As technology advances, extremely powerful lasers with precise characteristics are needed for a range of fields, from the medical industry, scientific research industry and the military. With these developments comes the need for optical coatings with precisely tailored optical properties able to withstand the constant barrage of power required. In any facility with a laser, you will likely find a drawer filled with mirrors and lenses destroyed by burn marks, but scientists are working to make coatings that last perform better and last longer.
Most optical elements like mirrors, beamsplitters or filters employ thin layers of alternating dielectric materials, sometimes up to 200 layers, depending on the nature of the element. Each layer has a different index of refraction, so at each interface, some of the light is transmitted and some is reflected. In antireflective coatings, for example, the thickness of the coatings is designed so that reflected light from one layer will destructively interfere with reflected light from the next layer so that no light is reflected back.
More complex processes can require hundreds of coating layers to accomplish their task.
The success of an optical element is generally determined by three things: the substrate, the choice of coating and the deposition of the coating. Any imperfections in the substrate tend to be magnified by the application of a coating, so uncoated lenses have higher damage thresholds. Simple mirrors may just have one coating layer while more complex processes can require hundreds of coating layers to accomplish their task. They are manufactured by applying dielectric coatings to a carefully polished substrate. It is imperative that both the substrate and the coating be free of flaws and inconsistencies.
Damage can occur almost anytime the laser beam encounters an inconsistency. Any location that absorbs more laser energy than it was designed for can heat up, creating more widespread damage. Damage can also occur during routine transport, storage or cleaning, which can create microscopic flaws that can eventually lead to failure.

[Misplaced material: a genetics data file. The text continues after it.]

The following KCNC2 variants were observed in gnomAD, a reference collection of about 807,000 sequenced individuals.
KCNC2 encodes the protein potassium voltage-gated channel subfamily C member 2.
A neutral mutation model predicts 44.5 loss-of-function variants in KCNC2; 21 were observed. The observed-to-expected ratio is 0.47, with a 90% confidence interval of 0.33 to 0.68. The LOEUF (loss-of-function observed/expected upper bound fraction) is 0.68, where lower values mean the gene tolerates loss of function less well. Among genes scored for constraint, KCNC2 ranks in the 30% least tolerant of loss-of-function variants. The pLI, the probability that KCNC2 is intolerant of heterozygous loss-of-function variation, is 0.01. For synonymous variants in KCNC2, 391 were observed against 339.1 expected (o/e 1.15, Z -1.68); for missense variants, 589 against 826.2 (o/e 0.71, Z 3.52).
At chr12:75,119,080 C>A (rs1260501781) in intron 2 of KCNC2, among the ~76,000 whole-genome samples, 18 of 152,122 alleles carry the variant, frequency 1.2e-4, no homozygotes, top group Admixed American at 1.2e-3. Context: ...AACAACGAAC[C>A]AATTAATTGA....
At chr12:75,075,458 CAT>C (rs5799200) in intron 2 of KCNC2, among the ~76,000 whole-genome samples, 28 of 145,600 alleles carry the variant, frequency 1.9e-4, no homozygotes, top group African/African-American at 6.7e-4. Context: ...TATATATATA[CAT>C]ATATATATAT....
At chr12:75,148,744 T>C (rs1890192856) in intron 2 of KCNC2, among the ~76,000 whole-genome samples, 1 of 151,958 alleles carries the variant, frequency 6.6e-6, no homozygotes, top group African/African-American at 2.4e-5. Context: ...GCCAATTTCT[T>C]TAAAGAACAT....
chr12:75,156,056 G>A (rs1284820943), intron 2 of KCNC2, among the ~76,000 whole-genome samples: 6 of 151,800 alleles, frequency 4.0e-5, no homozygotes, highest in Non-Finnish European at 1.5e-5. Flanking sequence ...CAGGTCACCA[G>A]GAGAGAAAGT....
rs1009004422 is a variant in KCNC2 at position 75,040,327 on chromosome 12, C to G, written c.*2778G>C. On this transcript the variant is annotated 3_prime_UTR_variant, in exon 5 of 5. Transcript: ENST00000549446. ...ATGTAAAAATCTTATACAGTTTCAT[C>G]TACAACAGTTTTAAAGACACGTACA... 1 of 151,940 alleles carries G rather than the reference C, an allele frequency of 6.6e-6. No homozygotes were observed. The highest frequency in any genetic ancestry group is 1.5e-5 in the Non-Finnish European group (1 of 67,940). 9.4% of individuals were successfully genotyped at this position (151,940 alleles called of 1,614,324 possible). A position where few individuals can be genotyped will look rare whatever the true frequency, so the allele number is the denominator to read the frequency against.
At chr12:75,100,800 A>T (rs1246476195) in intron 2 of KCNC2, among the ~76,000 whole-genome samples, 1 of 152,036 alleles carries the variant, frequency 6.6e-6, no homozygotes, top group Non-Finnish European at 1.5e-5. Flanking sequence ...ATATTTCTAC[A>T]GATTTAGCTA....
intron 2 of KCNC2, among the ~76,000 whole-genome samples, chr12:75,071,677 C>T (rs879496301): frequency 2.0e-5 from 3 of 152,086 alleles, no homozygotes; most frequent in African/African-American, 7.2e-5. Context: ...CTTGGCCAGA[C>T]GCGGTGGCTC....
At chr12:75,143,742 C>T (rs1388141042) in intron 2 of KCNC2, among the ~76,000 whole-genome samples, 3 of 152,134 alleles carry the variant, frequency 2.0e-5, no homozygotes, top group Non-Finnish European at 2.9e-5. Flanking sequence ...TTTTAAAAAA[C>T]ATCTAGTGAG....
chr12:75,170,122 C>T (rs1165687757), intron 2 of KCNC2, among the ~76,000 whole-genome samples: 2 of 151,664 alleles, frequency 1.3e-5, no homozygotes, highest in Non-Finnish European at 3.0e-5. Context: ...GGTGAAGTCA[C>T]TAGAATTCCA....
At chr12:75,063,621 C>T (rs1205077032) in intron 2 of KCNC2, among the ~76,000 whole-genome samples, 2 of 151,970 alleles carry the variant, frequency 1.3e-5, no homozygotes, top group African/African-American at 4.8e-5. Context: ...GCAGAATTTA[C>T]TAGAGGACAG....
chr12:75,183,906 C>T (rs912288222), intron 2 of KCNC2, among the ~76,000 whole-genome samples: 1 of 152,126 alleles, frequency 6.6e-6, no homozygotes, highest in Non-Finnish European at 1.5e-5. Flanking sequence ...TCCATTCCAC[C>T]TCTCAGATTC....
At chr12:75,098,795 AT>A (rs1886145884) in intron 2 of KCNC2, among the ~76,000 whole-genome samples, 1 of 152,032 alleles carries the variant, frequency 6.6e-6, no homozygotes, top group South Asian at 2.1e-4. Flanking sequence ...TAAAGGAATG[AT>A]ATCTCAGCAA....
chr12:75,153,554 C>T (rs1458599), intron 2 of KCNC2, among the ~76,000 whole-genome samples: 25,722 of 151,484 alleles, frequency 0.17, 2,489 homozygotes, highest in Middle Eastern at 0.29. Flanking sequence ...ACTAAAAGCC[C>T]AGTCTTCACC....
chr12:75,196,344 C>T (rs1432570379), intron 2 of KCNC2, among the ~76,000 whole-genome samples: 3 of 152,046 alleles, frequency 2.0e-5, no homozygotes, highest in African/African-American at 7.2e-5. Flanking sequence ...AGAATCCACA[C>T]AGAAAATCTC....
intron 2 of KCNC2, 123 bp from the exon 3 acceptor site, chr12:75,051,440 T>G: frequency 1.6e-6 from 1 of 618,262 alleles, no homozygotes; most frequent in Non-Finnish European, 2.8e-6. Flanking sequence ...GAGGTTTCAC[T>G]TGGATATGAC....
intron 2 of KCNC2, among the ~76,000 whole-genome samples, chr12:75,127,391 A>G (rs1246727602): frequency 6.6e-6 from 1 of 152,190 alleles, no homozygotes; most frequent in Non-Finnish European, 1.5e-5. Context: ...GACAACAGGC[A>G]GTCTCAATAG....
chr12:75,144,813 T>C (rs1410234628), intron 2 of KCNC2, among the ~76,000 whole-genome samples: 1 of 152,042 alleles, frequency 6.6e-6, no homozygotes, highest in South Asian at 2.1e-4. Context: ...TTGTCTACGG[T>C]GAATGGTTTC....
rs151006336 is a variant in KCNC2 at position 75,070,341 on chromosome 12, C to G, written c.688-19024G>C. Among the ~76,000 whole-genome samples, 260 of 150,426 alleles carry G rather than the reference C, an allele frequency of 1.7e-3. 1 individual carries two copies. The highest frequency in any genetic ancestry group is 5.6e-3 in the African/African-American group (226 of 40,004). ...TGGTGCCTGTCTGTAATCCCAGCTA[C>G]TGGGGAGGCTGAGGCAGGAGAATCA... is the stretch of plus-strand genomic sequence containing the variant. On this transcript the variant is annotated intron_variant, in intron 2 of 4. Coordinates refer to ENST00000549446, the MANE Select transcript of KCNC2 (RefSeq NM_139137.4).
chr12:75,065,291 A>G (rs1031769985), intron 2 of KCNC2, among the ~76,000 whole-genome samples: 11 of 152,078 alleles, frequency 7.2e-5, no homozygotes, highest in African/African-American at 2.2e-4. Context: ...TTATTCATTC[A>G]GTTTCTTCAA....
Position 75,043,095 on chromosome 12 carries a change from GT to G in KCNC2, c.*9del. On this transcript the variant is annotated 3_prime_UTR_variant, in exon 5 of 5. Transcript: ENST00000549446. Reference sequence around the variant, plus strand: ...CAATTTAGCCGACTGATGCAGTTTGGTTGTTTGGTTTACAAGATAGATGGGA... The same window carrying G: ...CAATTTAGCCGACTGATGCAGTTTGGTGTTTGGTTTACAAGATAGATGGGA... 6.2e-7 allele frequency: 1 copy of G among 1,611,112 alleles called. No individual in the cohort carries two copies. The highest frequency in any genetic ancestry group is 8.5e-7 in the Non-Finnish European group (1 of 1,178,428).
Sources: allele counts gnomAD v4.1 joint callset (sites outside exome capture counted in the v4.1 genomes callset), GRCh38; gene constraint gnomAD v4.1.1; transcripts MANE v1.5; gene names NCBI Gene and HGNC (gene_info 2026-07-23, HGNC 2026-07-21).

The precise nature of the substrate and coating are determined by the function to be performed and the wavelength range and power of the laser. Simple, reflective metal coatings like aluminum, gold, and silver are still used in many laser systems.
Advances in coating technology came during the 1990s when the use of fiber optic cables to transport information became more widespread. An influx of research took place to create coatings able to withstand changes in temperature and humidity and to allow more precise control over the beam. Many modern coatings use metal oxides that are more impervious to environmental effects than sulfide or fluoride high index coatings, but require more expensive deposition techniques.
Coatings by laser type
The type of laser also plays an important role in choosing a laser coating. A continuous wave (CW) laser has very different energetic properties from a pulsed laser, which imparts a very short, high-energy pulse onto the surface. CW lasers tend to have much lower peak field strength, but the power over time is higher. With a pulsed laser, there is a much higher peak electric field, but the material will have the chance to microscopically recover between pulses. A CW laser beam can heat up an optical element over time, so the thermal expansion of the substrate and coating is extremely important. For a pulsed laser system, microscopic flaws in the dielectric can amplify and change local electric fields.